# How do you solve y'+3y=0 given y(0)=4?

Dec 13, 2016

$y = 4 {e}^{- 3 x}$

#### Explanation:

We have $y ' + 3 y = 0$, or:

$\frac{\mathrm{dy}}{\mathrm{dx}} + 3 y = 0$

This is a first order linear ordinary differential equation and so we can derive an Integrating Factor using:

IF $= {e}^{\int 3 \mathrm{dx}}$
$\setminus \setminus \setminus = {e}^{3 x}$

So multiplying the DE by the IF gives:

${e}^{3 x} \frac{\mathrm{dy}}{\mathrm{dx}} + 3 y {e}^{3 x} = 0$

Thanks to the product rule this can now be written as the derivative of a single product:

$\frac{d}{\mathrm{dx}} \left(y {e}^{3 x}\right) = 0$

Which can now easily be solved to give;

$y {e}^{3 x} = A$
$\therefore y = A {e}^{- 3 x}$

We know that $y \left(0\right) = 4 \implies A {e}^{0} = 4 \implies A = 4$

Hence, the solution is:
$y = 4 {e}^{- 3 x}$

Dec 13, 2016

$y = 4 {e}^{- 3 x}$

#### Explanation:

We have the separable differential equation:

$y ' + 3 y = 0$

Which can be rearranged as:

$\frac{\mathrm{dy}}{\mathrm{dx}} + 3 y = 0$

$\frac{\mathrm{dy}}{\mathrm{dx}} = - 3 y$

Rearranging this by separating the variables, that is, treating $\frac{\mathrm{dy}}{\mathrm{dx}}$ as division and getting the $y$ terms on one side and the $x$ terms on the other, we see that:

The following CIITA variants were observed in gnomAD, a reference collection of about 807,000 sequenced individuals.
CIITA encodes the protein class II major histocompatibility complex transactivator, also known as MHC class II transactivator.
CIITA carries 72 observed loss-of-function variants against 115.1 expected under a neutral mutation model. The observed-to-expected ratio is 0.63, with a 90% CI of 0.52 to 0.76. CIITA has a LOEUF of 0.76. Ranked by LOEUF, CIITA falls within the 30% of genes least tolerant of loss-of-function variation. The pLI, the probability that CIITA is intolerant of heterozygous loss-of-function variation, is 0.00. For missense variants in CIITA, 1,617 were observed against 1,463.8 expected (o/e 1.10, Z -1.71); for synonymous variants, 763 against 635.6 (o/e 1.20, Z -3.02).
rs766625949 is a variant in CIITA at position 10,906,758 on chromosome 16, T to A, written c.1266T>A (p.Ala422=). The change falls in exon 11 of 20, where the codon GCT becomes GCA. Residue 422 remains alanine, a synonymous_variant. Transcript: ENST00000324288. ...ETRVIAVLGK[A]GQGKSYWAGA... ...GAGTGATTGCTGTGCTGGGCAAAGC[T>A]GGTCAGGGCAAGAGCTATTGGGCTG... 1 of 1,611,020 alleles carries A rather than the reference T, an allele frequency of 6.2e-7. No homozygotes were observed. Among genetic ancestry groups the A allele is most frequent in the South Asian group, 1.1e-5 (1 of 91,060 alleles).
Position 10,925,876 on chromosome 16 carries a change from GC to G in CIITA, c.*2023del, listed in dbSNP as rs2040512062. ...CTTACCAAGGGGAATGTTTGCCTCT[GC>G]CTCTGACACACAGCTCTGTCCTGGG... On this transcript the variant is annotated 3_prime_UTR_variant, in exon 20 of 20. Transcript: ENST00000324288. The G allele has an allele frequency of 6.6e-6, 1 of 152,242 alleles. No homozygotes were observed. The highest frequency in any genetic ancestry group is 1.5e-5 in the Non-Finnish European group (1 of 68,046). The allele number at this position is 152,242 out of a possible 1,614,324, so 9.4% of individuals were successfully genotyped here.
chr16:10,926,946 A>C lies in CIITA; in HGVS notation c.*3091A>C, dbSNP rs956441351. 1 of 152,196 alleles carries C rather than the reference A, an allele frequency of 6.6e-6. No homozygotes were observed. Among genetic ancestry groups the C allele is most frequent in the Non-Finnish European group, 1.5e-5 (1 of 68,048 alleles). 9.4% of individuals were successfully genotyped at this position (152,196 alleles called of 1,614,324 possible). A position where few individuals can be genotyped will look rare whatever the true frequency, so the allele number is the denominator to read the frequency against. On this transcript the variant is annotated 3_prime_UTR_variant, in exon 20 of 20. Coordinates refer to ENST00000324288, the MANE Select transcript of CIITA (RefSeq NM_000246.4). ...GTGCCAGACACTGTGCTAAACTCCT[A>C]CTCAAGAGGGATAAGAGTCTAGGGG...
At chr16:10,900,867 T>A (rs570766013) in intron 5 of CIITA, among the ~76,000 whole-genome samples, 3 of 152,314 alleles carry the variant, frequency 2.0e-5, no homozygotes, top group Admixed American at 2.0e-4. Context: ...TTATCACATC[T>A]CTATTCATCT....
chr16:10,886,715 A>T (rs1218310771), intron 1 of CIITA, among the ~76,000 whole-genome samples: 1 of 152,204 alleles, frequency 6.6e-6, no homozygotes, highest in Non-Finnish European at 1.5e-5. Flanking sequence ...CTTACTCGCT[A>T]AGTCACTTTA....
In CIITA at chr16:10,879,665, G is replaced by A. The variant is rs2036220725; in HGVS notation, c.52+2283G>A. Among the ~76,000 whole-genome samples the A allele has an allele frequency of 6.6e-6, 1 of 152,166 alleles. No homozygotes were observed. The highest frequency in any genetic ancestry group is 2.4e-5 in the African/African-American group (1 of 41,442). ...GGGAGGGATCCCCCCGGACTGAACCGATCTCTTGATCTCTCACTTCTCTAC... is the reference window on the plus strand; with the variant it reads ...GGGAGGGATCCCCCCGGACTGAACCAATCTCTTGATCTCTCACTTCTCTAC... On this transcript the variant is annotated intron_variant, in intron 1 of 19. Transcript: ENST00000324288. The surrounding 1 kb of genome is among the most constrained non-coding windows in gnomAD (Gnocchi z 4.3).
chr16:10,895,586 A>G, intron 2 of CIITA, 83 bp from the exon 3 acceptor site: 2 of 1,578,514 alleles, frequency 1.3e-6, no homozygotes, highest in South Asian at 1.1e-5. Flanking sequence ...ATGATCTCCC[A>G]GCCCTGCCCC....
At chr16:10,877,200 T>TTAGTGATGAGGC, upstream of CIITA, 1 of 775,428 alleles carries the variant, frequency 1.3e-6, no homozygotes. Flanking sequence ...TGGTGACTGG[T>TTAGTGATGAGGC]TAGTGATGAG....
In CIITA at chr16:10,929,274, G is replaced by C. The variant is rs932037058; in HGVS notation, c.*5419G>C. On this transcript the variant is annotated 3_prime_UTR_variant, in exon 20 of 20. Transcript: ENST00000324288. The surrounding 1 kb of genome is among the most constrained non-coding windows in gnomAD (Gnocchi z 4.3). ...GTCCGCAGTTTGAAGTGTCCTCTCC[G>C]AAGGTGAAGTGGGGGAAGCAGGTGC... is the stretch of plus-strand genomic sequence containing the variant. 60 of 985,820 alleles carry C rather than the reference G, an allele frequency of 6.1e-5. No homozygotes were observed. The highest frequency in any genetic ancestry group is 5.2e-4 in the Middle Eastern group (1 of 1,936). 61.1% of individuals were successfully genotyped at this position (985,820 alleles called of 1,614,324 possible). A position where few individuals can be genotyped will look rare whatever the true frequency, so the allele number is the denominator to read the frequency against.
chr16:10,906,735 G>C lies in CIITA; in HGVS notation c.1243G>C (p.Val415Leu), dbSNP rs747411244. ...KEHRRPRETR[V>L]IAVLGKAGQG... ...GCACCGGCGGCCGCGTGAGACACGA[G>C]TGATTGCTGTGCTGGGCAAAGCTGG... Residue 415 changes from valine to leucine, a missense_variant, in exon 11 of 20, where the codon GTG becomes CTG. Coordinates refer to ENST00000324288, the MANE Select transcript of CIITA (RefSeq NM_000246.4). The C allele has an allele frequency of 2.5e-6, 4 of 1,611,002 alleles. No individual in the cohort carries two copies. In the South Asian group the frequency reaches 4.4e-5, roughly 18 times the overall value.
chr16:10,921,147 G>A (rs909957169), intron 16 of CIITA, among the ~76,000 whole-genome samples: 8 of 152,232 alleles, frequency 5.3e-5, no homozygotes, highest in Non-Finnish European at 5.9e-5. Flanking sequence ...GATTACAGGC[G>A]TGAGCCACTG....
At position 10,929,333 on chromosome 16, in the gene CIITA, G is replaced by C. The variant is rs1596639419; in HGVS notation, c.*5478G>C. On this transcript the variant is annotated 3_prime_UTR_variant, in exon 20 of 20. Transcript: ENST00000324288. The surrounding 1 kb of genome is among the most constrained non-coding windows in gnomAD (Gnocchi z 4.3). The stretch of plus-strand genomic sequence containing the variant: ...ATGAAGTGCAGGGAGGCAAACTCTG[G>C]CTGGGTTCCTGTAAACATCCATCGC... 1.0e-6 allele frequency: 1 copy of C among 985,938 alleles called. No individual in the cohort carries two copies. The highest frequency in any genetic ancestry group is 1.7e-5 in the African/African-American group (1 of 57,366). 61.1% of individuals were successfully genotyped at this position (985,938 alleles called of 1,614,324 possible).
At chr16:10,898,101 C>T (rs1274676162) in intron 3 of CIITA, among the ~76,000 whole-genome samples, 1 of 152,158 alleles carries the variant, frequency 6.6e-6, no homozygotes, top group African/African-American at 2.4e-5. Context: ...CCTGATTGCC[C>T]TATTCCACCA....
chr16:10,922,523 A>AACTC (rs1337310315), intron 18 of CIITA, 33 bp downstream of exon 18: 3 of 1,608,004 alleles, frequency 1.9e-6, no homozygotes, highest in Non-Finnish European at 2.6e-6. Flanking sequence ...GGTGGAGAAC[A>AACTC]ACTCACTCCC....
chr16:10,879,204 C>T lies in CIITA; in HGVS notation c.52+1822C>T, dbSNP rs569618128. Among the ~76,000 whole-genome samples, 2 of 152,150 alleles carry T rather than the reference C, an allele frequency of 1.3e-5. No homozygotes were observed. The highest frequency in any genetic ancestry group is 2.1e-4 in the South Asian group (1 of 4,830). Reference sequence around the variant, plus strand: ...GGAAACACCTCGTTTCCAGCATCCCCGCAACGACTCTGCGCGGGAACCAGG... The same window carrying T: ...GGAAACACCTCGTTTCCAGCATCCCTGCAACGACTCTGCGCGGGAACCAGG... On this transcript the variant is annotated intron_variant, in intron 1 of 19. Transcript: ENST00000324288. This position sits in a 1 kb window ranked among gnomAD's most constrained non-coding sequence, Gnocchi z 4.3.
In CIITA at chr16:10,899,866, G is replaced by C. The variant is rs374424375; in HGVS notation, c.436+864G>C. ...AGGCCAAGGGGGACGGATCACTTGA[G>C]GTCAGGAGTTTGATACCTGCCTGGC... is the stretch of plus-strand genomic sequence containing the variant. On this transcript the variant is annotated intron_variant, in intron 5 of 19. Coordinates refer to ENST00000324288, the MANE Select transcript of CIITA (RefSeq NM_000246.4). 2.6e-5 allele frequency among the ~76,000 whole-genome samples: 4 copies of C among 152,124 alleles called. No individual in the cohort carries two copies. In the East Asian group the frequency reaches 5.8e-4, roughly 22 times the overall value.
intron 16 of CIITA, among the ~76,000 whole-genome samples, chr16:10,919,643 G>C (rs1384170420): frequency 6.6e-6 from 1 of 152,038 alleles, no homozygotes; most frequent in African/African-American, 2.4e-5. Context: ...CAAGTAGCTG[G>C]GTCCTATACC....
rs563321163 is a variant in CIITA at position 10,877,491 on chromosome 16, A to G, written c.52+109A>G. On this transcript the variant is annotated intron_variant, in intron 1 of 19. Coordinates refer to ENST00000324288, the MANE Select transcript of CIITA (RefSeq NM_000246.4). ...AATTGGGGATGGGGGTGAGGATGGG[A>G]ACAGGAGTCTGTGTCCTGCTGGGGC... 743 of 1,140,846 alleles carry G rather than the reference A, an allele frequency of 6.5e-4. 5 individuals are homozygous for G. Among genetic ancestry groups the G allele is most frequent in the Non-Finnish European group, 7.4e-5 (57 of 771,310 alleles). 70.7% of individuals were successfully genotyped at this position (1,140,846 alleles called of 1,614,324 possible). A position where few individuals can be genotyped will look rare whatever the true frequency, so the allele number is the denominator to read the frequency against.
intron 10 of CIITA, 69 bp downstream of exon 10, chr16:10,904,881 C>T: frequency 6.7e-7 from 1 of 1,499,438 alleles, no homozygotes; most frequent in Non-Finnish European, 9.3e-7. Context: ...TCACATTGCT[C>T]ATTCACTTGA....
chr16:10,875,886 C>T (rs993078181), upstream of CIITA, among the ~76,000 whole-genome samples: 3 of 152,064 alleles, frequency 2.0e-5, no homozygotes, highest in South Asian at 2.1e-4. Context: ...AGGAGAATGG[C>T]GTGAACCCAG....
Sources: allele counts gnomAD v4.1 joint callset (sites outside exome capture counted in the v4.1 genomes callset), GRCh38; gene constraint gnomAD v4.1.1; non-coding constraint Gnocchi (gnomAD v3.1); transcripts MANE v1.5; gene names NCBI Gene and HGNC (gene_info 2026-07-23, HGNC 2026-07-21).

$\frac{\mathrm{dy}}{y} = - 3 \mathrm{dx}$

Integrate both sides:

$\int \frac{\mathrm{dy}}{y} = - 3 \int \mathrm{dx}$

$\ln \left\mid y \right\mid = - 3 x + C$

Use the initial condition $y \left(0\right) = 4$ to solve for $C$:

$\ln \left\mid 4 \right\mid = - 3 \left(0\right) + C$

$C = \ln \left(4\right)$

Then:

$\ln \left\mid y \right\mid = - 3 x + \ln \left(4\right)$

Solving for $y$:

$\left\mid y \right\mid = {e}^{- 3 x + \ln \left(4\right)}$

Rewriting using exponent rules:

$\left\mid y \right\mid = {e}^{- 3 x} {e}^{\ln} \left(4\right)$

$\left\mid y \right\mid = 4 {e}^{- 3 x}$

$4 {e}^{- 3 x}$ is positive for all real values of $x$, so the absolute value bars are not necessary.

$y = 4 {e}^{- 3 x}$